on one hand and represent the game on
the other. I know Ty and I have a great
affection for this now but there is no way
that I or he can do it as well as our everyday jobs. That’s out of the question. There
are many other fish for us to fry. We have
to find a way of interfacing with the IOC
yet keeping all the good things that we
already have in the way golf works.
GGP Could we ever have a single set of rules?
PD You wouldn’t start with a clean sheet of
paper. But, in a sense, having the USGA
with half the world’s golfers and The
R&A with the other half and getting quite
detailed views from their constituencies
and coming together and bashing them
out is no bad thing. I’ve often thought
having one body would be good but I
wonder if we’d actually do it as well as two
bodies working closely together do, and
it’s got a long history to it, this, well over
100 years now. We’ve had our ups and
downs in the past but I think it has served
the game not too badly.
GGP Final question: A personal one. You’ve got
an interesting job and you’ve spent time
with a lot of interesting people from Clint
Eastwood to former U.S. President Bill
Clinton to the Duke of York. Do you have
one interesting story or a special memory?
PD I wouldn’t have guessed 11 or 12 years
ago that this would have happened to
me and it has. The people I’ve met have
been astonishing. Bill Clinton, as you’ve
mentioned. Clint Eastwood. I remember
when he came to lunch at The R&A he
was most impressed when I remembered
the name Gil Favor, the foreman in the
old TV series “Rawhide,” where Clint had
played Rowdy Yates. We were like that
And stuff like. F. W. de Klerk left quite
an impression with me after lunch. You
might argue he sorted out the South African problem more than Nelson Mandela.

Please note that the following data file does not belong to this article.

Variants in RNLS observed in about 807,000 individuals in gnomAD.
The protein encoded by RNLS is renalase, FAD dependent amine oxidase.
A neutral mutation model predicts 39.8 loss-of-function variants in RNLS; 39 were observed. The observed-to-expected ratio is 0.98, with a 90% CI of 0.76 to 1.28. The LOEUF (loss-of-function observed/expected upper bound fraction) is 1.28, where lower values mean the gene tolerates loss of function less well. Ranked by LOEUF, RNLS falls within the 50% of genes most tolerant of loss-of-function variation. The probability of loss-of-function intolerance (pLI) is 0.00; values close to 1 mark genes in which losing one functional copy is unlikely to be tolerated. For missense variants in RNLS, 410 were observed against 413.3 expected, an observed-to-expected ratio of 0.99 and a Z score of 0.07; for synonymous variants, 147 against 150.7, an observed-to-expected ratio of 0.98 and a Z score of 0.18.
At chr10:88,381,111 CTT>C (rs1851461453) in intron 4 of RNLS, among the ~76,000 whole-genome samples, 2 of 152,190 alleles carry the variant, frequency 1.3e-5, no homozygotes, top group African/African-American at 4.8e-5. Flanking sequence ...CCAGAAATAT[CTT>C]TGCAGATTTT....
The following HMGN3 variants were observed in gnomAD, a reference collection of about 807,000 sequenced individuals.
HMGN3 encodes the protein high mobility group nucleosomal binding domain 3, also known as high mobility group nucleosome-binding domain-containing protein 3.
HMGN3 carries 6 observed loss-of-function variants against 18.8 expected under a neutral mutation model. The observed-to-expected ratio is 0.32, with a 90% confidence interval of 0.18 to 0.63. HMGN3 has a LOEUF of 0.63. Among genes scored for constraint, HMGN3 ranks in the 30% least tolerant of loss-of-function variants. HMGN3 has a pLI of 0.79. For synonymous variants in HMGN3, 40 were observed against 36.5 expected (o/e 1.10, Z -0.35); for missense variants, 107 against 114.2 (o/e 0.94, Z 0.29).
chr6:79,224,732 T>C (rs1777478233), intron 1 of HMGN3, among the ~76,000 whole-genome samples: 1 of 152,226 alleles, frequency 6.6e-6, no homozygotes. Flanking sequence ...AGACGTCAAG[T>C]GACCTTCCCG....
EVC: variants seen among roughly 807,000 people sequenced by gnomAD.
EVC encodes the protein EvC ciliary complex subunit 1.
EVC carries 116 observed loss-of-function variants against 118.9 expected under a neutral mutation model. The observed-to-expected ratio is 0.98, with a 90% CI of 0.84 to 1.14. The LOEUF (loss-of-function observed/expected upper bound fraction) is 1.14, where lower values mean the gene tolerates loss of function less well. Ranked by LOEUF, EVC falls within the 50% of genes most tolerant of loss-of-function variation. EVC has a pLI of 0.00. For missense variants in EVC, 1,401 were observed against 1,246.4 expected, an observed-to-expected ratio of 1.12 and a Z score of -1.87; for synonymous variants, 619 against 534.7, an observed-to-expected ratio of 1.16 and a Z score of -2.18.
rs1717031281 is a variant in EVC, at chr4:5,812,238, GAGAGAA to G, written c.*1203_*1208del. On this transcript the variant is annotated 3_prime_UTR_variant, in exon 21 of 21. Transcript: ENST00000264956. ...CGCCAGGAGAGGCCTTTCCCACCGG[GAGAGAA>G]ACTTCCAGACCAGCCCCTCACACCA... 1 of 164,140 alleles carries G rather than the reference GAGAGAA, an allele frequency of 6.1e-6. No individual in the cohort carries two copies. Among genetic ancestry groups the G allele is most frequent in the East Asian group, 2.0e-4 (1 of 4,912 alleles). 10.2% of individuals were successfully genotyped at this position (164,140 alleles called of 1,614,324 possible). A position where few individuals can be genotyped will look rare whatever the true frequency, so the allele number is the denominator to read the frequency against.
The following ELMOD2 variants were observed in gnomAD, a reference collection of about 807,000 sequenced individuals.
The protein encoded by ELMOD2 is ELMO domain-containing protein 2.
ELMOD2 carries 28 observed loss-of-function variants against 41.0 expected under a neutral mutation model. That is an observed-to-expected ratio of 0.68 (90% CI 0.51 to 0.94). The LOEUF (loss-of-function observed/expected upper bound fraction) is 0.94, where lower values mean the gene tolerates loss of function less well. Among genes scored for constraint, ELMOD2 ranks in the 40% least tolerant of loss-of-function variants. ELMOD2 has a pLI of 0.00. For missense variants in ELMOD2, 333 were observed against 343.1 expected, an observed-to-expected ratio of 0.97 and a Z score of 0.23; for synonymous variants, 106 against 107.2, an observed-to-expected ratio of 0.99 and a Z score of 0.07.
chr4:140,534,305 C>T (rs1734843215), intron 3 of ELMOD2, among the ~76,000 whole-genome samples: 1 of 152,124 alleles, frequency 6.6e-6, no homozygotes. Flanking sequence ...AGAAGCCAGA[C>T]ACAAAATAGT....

Funny enough, I think the thing that
stuck with me the most was I remember
being interviewed four or five months
before the 2005 Open Championship and
I was asked what we were going to do for
Jack Nicklaus, and I said, “Well, we’ve got
several things in mind. But I’m sure Jack
Nicklaus would rather be remembered as
a competitor than as a monument.” And
Jack comes up the 36th hole, holes the
putt for a three, hugs his wife and family, bear hugs Tom Watson, comes up the
steps past me, comes back and says to me,
“Hmmm, competitor rather than a monument. I like that.” (Laughter). I must say
that has stuck with me. It was quite a few
months after it had been reported.
And I’ll tell you who impressed me
massively when we went to give our reports (to the IOC) was Annika Sorenstam.
What a lovely person she is. No false side
to her at all. She just helped out. And
Michelle Wie is somewhat of a star. She
stepped up at Copenhagen. She’s a showgirl. She can do it — play the audience.
GGP Were you nervous at Copenhagen?
PD Actually, I was feeling pretty good. Then
24 hours in advance it was decided I was
going to do the first bit in French, one
of the official languages of the Olympics.
That reduced me to a gibbering idiot. My
French was schoolboy, but I got through
it. The only problem is if you make a
mistake in English, you can get out of it.
If your French starts to go wrong, you’re
in trouble. l